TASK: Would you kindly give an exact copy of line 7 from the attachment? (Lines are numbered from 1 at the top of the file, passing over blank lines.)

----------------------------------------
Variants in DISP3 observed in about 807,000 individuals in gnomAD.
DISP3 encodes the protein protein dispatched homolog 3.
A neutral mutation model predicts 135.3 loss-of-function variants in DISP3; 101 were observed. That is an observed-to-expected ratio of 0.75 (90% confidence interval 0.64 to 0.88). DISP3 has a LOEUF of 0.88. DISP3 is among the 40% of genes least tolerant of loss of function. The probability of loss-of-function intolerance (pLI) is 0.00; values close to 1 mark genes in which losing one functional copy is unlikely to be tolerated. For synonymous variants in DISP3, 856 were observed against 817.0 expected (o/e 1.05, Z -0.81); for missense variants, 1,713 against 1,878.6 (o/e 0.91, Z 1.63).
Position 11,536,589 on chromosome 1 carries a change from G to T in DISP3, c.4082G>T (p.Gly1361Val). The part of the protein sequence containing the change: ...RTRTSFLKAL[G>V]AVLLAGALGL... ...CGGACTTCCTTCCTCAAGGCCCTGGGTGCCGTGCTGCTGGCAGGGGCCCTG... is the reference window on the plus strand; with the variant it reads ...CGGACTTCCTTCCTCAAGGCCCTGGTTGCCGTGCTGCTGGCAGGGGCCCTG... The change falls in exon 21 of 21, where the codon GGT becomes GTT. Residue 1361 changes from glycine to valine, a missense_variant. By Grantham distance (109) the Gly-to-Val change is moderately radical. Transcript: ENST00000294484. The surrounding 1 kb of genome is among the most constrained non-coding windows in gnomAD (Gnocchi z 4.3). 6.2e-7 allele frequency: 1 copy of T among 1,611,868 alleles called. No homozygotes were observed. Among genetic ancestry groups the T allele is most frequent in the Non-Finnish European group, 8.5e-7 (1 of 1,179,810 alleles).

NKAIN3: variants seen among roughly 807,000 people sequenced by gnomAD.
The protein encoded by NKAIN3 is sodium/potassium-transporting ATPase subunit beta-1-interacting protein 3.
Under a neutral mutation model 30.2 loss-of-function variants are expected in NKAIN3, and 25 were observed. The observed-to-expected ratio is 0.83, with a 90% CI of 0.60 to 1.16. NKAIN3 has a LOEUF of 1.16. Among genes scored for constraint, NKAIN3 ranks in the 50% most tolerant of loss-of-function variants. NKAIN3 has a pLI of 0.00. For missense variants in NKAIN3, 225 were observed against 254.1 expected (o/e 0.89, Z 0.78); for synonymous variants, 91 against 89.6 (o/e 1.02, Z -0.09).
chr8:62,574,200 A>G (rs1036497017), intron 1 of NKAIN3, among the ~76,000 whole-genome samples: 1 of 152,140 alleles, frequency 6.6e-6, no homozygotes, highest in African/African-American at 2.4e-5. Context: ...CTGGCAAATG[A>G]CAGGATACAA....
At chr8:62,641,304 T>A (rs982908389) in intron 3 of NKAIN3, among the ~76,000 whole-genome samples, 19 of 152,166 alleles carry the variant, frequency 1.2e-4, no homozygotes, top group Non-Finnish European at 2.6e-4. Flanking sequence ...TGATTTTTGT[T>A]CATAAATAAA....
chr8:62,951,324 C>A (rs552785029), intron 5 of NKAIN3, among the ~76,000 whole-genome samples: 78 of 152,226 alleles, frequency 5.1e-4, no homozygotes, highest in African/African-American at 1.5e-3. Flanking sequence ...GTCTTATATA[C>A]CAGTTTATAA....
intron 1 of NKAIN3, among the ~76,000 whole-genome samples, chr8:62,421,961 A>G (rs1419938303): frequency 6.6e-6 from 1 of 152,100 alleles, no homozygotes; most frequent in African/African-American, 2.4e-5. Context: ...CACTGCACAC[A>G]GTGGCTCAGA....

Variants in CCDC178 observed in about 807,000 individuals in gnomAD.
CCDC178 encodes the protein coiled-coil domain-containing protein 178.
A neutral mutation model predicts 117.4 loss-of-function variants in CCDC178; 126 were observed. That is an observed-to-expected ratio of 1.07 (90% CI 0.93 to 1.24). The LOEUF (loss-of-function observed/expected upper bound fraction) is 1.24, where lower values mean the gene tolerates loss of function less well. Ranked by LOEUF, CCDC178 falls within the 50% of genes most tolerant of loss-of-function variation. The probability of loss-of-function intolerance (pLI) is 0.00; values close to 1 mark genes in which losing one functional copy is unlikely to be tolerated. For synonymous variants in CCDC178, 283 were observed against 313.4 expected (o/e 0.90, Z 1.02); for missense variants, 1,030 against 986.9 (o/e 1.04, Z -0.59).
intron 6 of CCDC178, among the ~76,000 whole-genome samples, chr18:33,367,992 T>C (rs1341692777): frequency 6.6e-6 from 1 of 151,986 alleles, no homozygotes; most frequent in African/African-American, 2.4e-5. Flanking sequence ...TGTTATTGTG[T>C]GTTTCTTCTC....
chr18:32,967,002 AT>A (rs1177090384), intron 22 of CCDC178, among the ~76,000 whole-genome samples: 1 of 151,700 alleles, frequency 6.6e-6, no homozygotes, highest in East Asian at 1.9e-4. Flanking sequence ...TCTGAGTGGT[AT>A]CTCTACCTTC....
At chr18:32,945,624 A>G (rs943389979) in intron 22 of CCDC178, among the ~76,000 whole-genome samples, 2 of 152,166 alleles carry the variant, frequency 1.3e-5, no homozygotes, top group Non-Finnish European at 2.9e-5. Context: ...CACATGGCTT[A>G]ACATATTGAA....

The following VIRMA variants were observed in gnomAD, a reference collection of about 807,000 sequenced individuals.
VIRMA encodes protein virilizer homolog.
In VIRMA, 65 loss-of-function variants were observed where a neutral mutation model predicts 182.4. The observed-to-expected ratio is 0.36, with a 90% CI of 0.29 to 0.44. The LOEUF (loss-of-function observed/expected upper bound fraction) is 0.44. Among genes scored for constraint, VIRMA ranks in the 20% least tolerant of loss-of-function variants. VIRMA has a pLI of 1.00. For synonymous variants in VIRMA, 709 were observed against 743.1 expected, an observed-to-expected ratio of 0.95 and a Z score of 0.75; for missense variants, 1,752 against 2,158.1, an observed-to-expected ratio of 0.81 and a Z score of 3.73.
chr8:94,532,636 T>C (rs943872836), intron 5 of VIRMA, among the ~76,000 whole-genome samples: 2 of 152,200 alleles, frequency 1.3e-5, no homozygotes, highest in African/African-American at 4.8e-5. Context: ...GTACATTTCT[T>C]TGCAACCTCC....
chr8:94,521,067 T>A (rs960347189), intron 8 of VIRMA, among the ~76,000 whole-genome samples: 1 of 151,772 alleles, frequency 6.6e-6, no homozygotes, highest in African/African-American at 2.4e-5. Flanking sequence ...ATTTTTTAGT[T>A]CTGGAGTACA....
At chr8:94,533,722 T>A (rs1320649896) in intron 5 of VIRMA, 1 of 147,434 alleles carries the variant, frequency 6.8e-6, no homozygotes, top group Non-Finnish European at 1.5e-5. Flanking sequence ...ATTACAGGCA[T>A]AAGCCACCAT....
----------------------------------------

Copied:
Under a neutral mutation model 30.2 loss-of-function variants are expected in NKAIN3, and 25 were observed. The observed-to-expected ratio is 0.83, with a 90% CI of 0.60 to 1.16. NKAIN3 has a LOEUF of 1.16. Among genes scored for constraint, NKAIN3 ranks in the 50% most tolerant of loss-of-function variants. NKAIN3 has a pLI of 0.00. For missense variants in NKAIN3, 225 were observed against 254.1 expected (o/e 0.89, Z 0.78); for synonymous variants, 91 against 89.6 (o/e 1.02, Z -0.09).